Maximising benefits of Asean-China Free Trade Area

  • Business
  • Saturday, 20 Sep 2003

THE creation of an Asean-China Free Trade Area (ACFTA) would create market opportunities and challenges for both Asean and China but to complement China, Asean would first have to put its own house in order, Asean-Chambers of Commerce and Industry, Myanmar president Pyone Maung Maung said. 

“Asean must be a single unified economy in the form of Asean Free Trade Area (Afta) if it is to better complement with and benefit from China's growing economy,'' Pyone told a special forum on Asean-China FTA: Maximising The Benefits at the second day of the Malaysia-China Partnership Summit 2003 in Seri Kembangan, Selangor, yesterday. 

He said trade between Asean and China had been growing at a steady pace despite the global economic slowdown.  

“Trade volume between Asean and China is likely to exceed US$50bil for the first time this year, reflecting the basis and potential for future cooperation,'' he said. 

Pyone said with China being the world's biggest factory, Asean would have to be prepared to deal with the the influx of cheaper Chinese manufactured goods, adding that this would affect exports from the labour intensive garment industry, toys and sporting goods manufacturers, as well as high-tech fields such as information technology hardware, computers and electronic items.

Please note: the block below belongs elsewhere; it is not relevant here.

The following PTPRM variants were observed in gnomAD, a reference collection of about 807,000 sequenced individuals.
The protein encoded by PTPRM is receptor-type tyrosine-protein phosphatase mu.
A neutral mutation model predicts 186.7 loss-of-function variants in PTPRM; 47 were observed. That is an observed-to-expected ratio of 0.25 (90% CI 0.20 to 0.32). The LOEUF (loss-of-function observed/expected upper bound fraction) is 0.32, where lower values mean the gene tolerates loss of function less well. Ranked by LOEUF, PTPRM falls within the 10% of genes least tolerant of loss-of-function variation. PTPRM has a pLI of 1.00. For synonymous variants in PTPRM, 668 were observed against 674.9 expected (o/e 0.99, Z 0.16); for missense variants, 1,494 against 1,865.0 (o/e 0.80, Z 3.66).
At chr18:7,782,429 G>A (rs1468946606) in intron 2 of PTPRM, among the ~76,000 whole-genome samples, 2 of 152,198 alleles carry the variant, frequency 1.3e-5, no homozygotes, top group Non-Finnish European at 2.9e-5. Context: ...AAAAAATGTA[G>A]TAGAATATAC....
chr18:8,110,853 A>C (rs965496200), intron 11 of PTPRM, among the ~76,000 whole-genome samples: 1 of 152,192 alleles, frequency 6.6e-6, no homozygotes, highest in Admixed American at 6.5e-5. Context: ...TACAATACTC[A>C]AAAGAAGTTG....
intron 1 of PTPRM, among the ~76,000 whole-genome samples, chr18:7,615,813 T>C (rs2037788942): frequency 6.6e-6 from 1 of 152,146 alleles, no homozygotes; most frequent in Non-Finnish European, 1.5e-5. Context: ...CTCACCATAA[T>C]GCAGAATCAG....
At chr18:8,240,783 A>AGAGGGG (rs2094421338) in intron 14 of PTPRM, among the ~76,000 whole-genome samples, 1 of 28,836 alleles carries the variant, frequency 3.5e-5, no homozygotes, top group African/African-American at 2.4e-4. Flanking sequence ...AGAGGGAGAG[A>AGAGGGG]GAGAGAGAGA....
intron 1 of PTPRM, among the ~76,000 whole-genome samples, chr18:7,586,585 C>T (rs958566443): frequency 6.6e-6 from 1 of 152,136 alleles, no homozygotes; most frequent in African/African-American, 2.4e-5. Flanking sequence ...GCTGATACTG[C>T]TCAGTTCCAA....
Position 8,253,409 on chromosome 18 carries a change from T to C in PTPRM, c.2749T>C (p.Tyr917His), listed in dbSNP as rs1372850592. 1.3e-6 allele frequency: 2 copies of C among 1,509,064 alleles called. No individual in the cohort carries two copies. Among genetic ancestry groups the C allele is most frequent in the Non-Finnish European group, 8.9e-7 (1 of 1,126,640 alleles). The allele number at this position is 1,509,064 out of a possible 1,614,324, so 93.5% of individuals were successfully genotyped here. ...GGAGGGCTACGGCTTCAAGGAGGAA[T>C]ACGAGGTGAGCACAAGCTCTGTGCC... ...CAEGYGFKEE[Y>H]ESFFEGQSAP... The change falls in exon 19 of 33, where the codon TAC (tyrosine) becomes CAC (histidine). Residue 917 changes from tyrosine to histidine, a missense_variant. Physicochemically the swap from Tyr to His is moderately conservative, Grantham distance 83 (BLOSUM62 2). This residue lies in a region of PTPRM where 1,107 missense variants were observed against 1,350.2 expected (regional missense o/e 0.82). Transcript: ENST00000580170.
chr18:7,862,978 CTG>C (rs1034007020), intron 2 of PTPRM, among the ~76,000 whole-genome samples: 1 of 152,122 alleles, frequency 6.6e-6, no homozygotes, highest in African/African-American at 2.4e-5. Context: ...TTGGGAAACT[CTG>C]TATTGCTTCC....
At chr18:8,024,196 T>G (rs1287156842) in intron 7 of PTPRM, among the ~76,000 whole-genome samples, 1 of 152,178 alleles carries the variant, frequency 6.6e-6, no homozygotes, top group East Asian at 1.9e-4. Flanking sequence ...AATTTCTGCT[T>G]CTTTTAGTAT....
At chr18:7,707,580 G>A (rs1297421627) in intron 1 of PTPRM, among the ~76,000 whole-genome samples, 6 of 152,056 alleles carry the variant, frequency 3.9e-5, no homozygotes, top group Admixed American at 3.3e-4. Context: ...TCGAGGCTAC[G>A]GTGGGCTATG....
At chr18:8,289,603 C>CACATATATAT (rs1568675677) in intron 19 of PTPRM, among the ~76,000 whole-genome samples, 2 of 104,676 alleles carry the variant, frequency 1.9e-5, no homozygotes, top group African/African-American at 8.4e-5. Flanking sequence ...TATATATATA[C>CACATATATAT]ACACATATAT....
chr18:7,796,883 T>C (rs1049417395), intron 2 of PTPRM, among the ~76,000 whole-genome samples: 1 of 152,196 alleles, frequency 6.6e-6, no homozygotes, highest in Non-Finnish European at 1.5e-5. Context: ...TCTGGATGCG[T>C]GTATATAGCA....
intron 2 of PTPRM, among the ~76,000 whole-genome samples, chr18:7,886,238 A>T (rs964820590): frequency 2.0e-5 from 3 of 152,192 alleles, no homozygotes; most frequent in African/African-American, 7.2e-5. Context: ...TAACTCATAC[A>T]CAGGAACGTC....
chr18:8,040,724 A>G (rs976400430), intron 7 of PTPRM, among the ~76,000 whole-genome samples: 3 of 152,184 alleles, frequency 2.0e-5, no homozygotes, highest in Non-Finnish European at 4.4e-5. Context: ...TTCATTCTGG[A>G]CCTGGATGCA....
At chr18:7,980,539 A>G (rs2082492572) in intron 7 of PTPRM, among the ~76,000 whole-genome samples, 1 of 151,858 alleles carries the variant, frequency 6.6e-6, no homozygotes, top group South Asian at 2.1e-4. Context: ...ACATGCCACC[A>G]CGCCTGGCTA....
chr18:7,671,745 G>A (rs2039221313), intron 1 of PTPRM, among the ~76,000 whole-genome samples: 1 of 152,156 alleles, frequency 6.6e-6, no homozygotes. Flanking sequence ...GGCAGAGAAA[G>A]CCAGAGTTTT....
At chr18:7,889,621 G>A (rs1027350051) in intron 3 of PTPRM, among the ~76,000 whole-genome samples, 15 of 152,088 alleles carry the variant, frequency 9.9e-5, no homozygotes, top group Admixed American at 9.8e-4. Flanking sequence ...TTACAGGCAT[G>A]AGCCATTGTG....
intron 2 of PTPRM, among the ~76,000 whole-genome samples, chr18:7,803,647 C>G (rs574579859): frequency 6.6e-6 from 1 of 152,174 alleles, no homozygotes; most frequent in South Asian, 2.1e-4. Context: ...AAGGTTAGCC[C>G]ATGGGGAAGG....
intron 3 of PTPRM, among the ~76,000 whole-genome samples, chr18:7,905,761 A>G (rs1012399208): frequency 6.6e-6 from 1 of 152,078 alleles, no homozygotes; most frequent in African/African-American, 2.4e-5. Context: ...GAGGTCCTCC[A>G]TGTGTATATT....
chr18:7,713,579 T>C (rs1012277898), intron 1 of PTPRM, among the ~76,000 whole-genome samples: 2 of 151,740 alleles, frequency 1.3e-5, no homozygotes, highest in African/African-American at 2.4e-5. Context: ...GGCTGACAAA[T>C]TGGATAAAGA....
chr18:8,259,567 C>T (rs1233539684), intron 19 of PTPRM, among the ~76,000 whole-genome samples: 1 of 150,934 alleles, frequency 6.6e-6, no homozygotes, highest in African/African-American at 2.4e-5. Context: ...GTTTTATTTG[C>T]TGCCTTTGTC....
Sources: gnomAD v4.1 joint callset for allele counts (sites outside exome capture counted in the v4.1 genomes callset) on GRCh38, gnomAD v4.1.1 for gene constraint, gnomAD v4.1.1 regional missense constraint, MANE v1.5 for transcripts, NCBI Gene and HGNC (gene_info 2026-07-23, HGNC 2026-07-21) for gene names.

As a result, he said, Asean's initial fears of certain exports losing out to China were valid. 

However, he said, Chinese and Asean exports were “more complementary than perceived”, and not all were in direct competition since there were areas where Asean could work with China. 

“For example, Asean countries have an advantage over China with respect to their services sectors.  

“China, according to experts, is woefully lacking in a skilled services sector as it opens up to free trade and embraces capitalism,'' he said. 

Other areas that Asean and China could cooperate in included trading, agriculture, automobile parts, biotech, timber, education, healthcare, research and development, information and communications technology and tourism, he added. 

China National Committee for Pacific Economic Cooperation secretary-general Jiang Chengzong maintained his optimism about ACFTA. 

He said there was strong political will on the part of leaderships in China and Asean to push ACFTA through.  

He said the framework agreement signed in November 2002 laid the legal basis for a free trade area (FTA), as it set the objectives, measures and timetable for FTA, adding that Chinese and Malaysian entrepreneurs had also voiced their enthusiasm over FTA.  

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